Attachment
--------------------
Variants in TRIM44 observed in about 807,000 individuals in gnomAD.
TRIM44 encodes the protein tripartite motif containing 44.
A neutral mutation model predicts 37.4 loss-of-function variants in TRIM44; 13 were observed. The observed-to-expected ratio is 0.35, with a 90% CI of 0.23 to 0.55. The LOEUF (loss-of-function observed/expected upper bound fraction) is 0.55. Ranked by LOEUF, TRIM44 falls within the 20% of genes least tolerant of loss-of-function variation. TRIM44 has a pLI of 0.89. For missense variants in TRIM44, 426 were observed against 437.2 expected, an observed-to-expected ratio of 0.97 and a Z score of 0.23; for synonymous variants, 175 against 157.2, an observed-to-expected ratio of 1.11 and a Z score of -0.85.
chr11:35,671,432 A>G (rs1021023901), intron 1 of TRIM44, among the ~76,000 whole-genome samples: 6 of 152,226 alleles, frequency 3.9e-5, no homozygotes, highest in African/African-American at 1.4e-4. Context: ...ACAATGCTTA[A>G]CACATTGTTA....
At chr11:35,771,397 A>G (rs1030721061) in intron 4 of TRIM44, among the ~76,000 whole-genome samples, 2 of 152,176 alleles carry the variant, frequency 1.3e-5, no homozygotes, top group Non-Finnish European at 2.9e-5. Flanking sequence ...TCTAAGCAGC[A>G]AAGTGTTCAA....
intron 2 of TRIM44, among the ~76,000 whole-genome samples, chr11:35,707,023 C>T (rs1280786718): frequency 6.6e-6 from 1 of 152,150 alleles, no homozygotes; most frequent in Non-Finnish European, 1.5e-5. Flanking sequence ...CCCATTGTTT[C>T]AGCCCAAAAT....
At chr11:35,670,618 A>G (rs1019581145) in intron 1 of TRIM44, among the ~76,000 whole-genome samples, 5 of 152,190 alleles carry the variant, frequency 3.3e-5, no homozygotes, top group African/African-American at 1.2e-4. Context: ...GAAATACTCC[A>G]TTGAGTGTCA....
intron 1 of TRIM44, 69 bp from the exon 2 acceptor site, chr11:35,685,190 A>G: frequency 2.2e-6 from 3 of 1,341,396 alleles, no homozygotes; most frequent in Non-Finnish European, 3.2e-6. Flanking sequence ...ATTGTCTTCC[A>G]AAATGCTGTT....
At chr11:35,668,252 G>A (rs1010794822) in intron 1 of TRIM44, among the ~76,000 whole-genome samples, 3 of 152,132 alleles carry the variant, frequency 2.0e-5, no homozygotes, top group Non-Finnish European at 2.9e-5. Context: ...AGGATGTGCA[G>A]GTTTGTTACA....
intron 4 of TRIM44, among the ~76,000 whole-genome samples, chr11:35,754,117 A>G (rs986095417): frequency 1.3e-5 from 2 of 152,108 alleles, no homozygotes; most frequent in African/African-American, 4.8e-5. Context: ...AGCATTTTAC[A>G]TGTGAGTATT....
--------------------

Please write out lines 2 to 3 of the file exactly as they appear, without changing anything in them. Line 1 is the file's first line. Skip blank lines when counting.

TRIM44 encodes the protein tripartite motif containing 44.
A neutral mutation model predicts 37.4 loss-of-function variants in TRIM44; 13 were observed. The observed-to-expected ratio is 0.35, with a 90% CI of 0.23 to 0.55. The LOEUF (loss-of-function observed/expected upper bound fraction) is 0.55. Ranked by LOEUF, TRIM44 falls within the 20% of genes least tolerant of loss-of-function variation. TRIM44 has a pLI of 0.89. For missense variants in TRIM44, 426 were observed against 437.2 expected, an observed-to-expected ratio of 0.97 and a Z score of 0.23; for synonymous variants, 175 against 157.2, an observed-to-expected ratio of 1.11 and a Z score of -0.85.